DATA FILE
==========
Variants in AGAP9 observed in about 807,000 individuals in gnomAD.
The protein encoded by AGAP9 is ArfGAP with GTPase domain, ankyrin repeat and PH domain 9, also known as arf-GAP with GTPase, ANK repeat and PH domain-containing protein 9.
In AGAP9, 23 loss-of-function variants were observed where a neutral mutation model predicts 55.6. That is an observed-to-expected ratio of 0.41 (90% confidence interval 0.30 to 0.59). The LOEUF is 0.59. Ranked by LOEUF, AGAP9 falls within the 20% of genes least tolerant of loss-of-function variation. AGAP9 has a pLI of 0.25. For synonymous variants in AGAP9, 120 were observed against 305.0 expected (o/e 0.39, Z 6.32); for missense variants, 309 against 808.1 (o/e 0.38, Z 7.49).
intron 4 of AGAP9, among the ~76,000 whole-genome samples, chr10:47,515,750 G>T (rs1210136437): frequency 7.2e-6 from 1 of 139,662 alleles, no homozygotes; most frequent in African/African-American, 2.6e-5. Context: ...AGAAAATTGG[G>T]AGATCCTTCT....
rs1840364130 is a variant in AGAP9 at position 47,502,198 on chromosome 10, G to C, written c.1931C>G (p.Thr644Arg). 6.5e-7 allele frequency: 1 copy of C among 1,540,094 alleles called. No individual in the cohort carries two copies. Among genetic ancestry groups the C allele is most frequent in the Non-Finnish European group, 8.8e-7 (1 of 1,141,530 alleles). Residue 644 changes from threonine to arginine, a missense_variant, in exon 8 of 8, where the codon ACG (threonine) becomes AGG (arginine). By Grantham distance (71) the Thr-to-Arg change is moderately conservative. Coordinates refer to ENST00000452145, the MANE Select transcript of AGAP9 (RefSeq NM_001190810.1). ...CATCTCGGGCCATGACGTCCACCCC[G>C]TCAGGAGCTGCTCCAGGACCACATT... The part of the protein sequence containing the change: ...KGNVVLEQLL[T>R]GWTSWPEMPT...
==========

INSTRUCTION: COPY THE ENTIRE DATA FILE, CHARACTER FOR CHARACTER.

Variants in AGAP9 observed in about 807,000 individuals in gnomAD.
The protein encoded by AGAP9 is ArfGAP with GTPase domain, ankyrin repeat and PH domain 9, also known as arf-GAP with GTPase, ANK repeat and PH domain-containing protein 9.
In AGAP9, 23 loss-of-function variants were observed where a neutral mutation model predicts 55.6. That is an observed-to-expected ratio of 0.41 (90% confidence interval 0.30 to 0.59). The LOEUF is 0.59. Ranked by LOEUF, AGAP9 falls within the 20% of genes least tolerant of loss-of-function variation. AGAP9 has a pLI of 0.25. For synonymous variants in AGAP9, 120 were observed against 305.0 expected (o/e 0.39, Z 6.32); for missense variants, 309 against 808.1 (o/e 0.38, Z 7.49).
intron 4 of AGAP9, among the ~76,000 whole-genome samples, chr10:47,515,750 G>T (rs1210136437): frequency 7.2e-6 from 1 of 139,662 alleles, no homozygotes; most frequent in African/African-American, 2.6e-5. Context: ...AGAAAATTGG[G>T]AGATCCTTCT....
rs1840364130 is a variant in AGAP9 at position 47,502,198 on chromosome 10, G to C, written c.1931C>G (p.Thr644Arg). 6.5e-7 allele frequency: 1 copy of C among 1,540,094 alleles called. No individual in the cohort carries two copies. Among genetic ancestry groups the C allele is most frequent in the Non-Finnish European group, 8.8e-7 (1 of 1,141,530 alleles). Residue 644 changes from threonine to arginine, a missense_variant, in exon 8 of 8, where the codon ACG (threonine) becomes AGG (arginine). By Grantham distance (71) the Thr-to-Arg change is moderately conservative. Coordinates refer to ENST00000452145, the MANE Select transcript of AGAP9 (RefSeq NM_001190810.1). ...CATCTCGGGCCATGACGTCCACCCC[G>C]TCAGGAGCTGCTCCAGGACCACATT... The part of the protein sequence containing the change: ...KGNVVLEQLL[T>R]GWTSWPEMPT...